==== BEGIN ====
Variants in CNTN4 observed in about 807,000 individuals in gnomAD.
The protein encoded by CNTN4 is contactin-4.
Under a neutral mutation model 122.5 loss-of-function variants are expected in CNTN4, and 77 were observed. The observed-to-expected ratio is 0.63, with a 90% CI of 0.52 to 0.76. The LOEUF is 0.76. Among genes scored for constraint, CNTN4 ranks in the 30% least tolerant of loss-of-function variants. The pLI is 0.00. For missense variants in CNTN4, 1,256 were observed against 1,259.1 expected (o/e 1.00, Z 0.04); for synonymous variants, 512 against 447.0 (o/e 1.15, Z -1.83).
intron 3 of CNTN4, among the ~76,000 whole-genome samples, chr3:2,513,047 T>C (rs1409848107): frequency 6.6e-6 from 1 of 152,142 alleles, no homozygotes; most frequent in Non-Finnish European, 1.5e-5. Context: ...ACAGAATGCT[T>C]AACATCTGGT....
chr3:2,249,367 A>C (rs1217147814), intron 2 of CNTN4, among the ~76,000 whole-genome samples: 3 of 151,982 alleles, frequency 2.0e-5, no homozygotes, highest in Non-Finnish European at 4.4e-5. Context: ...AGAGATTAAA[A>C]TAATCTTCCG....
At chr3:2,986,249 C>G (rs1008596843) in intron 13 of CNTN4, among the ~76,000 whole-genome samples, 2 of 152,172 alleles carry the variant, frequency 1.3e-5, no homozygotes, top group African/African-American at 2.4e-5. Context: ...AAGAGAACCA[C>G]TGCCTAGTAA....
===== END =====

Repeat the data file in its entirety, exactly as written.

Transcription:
Variants in CNTN4 observed in about 807,000 individuals in gnomAD.
The protein encoded by CNTN4 is contactin-4.
Under a neutral mutation model 122.5 loss-of-function variants are expected in CNTN4, and 77 were observed. The observed-to-expected ratio is 0.63, with a 90% CI of 0.52 to 0.76. The LOEUF is 0.76. Among genes scored for constraint, CNTN4 ranks in the 30% least tolerant of loss-of-function variants. The pLI is 0.00. For missense variants in CNTN4, 1,256 were observed against 1,259.1 expected (o/e 1.00, Z 0.04); for synonymous variants, 512 against 447.0 (o/e 1.15, Z -1.83).
intron 3 of CNTN4, among the ~76,000 whole-genome samples, chr3:2,513,047 T>C (rs1409848107): frequency 6.6e-6 from 1 of 152,142 alleles, no homozygotes; most frequent in Non-Finnish European, 1.5e-5. Context: ...ACAGAATGCT[T>C]AACATCTGGT....
chr3:2,249,367 A>C (rs1217147814), intron 2 of CNTN4, among the ~76,000 whole-genome samples: 3 of 151,982 alleles, frequency 2.0e-5, no homozygotes, highest in Non-Finnish European at 4.4e-5. Context: ...AGAGATTAAA[A>C]TAATCTTCCG....
At chr3:2,986,249 C>G (rs1008596843) in intron 13 of CNTN4, among the ~76,000 whole-genome samples, 2 of 152,172 alleles carry the variant, frequency 1.3e-5, no homozygotes, top group African/African-American at 2.4e-5. Context: ...AAGAGAACCA[C>G]TGCCTAGTAA....